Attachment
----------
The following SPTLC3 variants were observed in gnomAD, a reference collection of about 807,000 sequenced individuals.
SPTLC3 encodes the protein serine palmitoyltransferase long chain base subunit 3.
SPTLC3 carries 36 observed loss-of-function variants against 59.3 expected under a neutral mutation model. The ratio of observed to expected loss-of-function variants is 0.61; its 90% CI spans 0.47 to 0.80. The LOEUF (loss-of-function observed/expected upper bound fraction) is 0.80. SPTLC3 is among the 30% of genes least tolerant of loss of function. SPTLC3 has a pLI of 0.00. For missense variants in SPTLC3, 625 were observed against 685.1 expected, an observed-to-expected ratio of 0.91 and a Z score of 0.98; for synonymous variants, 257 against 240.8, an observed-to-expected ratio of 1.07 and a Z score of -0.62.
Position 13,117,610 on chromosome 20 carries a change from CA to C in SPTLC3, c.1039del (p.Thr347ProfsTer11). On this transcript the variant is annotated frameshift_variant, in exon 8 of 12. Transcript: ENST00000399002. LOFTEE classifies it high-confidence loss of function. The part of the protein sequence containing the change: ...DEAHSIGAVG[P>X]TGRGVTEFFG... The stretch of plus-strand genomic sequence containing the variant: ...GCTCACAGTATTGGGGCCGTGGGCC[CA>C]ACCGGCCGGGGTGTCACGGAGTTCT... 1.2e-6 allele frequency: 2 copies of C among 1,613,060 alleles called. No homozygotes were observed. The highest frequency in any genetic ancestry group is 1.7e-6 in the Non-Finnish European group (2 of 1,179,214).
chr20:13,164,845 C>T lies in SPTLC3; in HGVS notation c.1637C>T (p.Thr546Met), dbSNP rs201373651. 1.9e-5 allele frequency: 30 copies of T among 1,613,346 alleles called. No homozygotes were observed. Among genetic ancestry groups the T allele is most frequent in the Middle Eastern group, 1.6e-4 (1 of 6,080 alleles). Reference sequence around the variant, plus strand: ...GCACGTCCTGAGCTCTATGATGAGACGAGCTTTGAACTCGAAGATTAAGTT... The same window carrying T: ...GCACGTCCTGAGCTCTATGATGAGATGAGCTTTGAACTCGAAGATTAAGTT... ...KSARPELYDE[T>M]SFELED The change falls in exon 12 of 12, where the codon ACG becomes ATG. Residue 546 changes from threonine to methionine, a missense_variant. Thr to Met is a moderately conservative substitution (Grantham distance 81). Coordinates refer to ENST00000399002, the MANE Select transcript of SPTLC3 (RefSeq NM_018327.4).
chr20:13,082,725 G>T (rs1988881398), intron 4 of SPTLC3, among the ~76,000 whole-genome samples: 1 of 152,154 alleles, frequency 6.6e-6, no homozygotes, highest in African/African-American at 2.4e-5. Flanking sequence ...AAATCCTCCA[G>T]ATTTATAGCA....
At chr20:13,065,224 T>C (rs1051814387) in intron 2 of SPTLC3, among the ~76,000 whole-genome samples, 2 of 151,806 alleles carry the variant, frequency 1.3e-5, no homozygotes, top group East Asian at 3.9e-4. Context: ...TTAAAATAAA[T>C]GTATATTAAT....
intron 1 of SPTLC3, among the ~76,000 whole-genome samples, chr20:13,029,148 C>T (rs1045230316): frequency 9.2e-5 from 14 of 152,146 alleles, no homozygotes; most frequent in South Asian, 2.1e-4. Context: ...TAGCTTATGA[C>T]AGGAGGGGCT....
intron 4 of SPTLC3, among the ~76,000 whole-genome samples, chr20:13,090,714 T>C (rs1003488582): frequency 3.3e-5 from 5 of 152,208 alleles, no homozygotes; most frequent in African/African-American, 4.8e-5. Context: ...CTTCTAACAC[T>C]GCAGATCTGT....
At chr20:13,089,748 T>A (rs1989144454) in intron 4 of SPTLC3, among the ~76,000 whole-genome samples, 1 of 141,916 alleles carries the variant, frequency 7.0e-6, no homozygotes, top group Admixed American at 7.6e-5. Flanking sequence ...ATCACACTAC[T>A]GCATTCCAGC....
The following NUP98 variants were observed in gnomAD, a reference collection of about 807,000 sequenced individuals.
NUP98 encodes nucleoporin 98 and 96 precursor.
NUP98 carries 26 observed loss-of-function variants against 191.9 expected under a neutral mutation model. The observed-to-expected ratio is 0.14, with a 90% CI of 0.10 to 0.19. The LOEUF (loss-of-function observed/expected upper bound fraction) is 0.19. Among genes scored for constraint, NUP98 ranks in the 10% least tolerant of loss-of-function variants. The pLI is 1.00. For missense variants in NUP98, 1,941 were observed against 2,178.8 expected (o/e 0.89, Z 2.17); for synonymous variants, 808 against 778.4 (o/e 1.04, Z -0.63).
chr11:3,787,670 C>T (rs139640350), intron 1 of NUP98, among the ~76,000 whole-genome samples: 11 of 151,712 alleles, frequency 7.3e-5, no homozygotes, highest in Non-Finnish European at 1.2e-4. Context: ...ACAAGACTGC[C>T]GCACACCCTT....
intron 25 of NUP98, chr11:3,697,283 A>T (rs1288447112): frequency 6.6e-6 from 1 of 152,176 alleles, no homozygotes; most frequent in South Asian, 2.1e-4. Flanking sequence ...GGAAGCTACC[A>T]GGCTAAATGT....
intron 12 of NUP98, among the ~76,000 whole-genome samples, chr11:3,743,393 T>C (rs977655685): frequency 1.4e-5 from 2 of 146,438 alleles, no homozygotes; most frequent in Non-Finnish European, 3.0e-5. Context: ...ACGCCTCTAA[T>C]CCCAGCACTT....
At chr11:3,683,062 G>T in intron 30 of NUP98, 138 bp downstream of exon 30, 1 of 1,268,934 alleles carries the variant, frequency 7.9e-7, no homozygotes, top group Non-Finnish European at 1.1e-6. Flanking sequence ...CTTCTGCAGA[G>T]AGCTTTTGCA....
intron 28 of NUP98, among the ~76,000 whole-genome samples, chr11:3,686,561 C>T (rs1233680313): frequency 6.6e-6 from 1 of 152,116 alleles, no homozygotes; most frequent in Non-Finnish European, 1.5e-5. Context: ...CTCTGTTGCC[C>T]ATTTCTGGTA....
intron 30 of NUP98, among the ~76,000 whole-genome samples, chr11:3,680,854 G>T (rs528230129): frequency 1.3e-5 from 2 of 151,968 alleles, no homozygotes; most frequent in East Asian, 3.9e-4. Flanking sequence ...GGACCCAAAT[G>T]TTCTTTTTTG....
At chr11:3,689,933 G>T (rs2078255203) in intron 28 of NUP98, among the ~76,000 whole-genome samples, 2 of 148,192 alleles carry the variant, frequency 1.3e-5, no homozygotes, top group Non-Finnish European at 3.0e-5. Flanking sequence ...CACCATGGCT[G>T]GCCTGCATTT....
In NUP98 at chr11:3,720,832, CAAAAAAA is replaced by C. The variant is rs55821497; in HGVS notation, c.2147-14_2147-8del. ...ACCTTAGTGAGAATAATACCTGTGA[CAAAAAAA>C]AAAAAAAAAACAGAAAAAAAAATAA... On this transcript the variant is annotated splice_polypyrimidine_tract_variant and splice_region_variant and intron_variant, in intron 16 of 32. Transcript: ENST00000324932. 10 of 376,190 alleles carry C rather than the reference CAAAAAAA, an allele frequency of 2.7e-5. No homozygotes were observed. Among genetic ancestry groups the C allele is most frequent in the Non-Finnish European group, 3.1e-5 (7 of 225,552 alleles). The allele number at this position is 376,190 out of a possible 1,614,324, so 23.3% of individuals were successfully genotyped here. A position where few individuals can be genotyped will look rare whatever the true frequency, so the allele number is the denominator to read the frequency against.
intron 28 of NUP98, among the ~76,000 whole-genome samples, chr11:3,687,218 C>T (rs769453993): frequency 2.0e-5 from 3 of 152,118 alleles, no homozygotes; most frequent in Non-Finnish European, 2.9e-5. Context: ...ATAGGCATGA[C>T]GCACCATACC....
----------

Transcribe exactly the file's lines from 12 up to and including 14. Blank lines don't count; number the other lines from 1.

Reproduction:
NUP98 encodes nucleoporin 98 and 96 precursor.
NUP98 carries 26 observed loss-of-function variants against 191.9 expected under a neutral mutation model. The observed-to-expected ratio is 0.14, with a 90% CI of 0.10 to 0.19. The LOEUF (loss-of-function observed/expected upper bound fraction) is 0.19. Among genes scored for constraint, NUP98 ranks in the 10% least tolerant of loss-of-function variants. The pLI is 1.00. For missense variants in NUP98, 1,941 were observed against 2,178.8 expected (o/e 0.89, Z 2.17); for synonymous variants, 808 against 778.4 (o/e 1.04, Z -0.63).
chr11:3,787,670 C>T (rs139640350), intron 1 of NUP98, among the ~76,000 whole-genome samples: 11 of 151,712 alleles, frequency 7.3e-5, no homozygotes, highest in Non-Finnish European at 1.2e-4. Context: ...ACAAGACTGC[C>T]GCACACCCTT....